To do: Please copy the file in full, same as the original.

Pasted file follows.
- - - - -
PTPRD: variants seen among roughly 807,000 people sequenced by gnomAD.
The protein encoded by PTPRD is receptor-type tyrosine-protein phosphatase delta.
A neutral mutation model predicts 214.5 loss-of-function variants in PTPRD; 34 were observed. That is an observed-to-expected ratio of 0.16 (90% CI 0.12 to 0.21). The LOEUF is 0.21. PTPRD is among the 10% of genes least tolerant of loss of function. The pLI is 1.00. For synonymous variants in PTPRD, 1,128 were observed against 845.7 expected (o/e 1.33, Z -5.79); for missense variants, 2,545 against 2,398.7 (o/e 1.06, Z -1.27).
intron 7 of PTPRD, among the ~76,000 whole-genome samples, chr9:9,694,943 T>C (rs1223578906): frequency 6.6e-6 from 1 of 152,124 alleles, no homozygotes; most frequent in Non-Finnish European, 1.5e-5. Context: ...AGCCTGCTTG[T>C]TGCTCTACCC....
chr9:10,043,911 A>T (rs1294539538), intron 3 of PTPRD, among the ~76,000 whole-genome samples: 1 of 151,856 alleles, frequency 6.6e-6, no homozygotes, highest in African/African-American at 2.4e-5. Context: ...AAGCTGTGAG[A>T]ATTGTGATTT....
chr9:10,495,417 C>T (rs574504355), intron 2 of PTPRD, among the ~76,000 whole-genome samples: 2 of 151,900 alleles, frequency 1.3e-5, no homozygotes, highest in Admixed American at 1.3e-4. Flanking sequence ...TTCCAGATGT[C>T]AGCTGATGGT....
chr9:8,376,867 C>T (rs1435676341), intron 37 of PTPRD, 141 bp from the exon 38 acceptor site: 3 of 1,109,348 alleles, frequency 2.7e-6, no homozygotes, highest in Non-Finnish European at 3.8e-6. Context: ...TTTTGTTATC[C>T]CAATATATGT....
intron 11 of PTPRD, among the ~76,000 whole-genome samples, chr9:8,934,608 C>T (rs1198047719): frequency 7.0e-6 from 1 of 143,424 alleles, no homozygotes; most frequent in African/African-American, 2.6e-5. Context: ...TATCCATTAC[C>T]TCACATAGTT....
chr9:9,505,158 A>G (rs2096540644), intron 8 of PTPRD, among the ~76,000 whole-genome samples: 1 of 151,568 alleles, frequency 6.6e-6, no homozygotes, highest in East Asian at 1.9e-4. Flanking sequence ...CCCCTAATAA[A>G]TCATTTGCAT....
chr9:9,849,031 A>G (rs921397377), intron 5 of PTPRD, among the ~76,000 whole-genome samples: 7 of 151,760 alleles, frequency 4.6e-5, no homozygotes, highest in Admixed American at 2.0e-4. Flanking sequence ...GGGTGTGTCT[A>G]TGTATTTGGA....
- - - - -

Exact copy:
PTPRD: variants seen among roughly 807,000 people sequenced by gnomAD.
The protein encoded by PTPRD is receptor-type tyrosine-protein phosphatase delta.
A neutral mutation model predicts 214.5 loss-of-function variants in PTPRD; 34 were observed. That is an observed-to-expected ratio of 0.16 (90% CI 0.12 to 0.21). The LOEUF is 0.21. PTPRD is among the 10% of genes least tolerant of loss of function. The pLI is 1.00. For synonymous variants in PTPRD, 1,128 were observed against 845.7 expected (o/e 1.33, Z -5.79); for missense variants, 2,545 against 2,398.7 (o/e 1.06, Z -1.27).
intron 7 of PTPRD, among the ~76,000 whole-genome samples, chr9:9,694,943 T>C (rs1223578906): frequency 6.6e-6 from 1 of 152,124 alleles, no homozygotes; most frequent in Non-Finnish European, 1.5e-5. Context: ...AGCCTGCTTG[T>C]TGCTCTACCC....
chr9:10,043,911 A>T (rs1294539538), intron 3 of PTPRD, among the ~76,000 whole-genome samples: 1 of 151,856 alleles, frequency 6.6e-6, no homozygotes, highest in African/African-American at 2.4e-5. Context: ...AAGCTGTGAG[A>T]ATTGTGATTT....
chr9:10,495,417 C>T (rs574504355), intron 2 of PTPRD, among the ~76,000 whole-genome samples: 2 of 151,900 alleles, frequency 1.3e-5, no homozygotes, highest in Admixed American at 1.3e-4. Flanking sequence ...TTCCAGATGT[C>T]AGCTGATGGT....
chr9:8,376,867 C>T (rs1435676341), intron 37 of PTPRD, 141 bp from the exon 38 acceptor site: 3 of 1,109,348 alleles, frequency 2.7e-6, no homozygotes, highest in Non-Finnish European at 3.8e-6. Context: ...TTTTGTTATC[C>T]CAATATATGT....
intron 11 of PTPRD, among the ~76,000 whole-genome samples, chr9:8,934,608 C>T (rs1198047719): frequency 7.0e-6 from 1 of 143,424 alleles, no homozygotes; most frequent in African/African-American, 2.6e-5. Context: ...TATCCATTAC[C>T]TCACATAGTT....
chr9:9,505,158 A>G (rs2096540644), intron 8 of PTPRD, among the ~76,000 whole-genome samples: 1 of 151,568 alleles, frequency 6.6e-6, no homozygotes, highest in East Asian at 1.9e-4. Flanking sequence ...CCCCTAATAA[A>G]TCATTTGCAT....
chr9:9,849,031 A>G (rs921397377), intron 5 of PTPRD, among the ~76,000 whole-genome samples: 7 of 151,760 alleles, frequency 4.6e-5, no homozygotes, highest in Admixed American at 2.0e-4. Flanking sequence ...GGGTGTGTCT[A>G]TGTATTTGGA....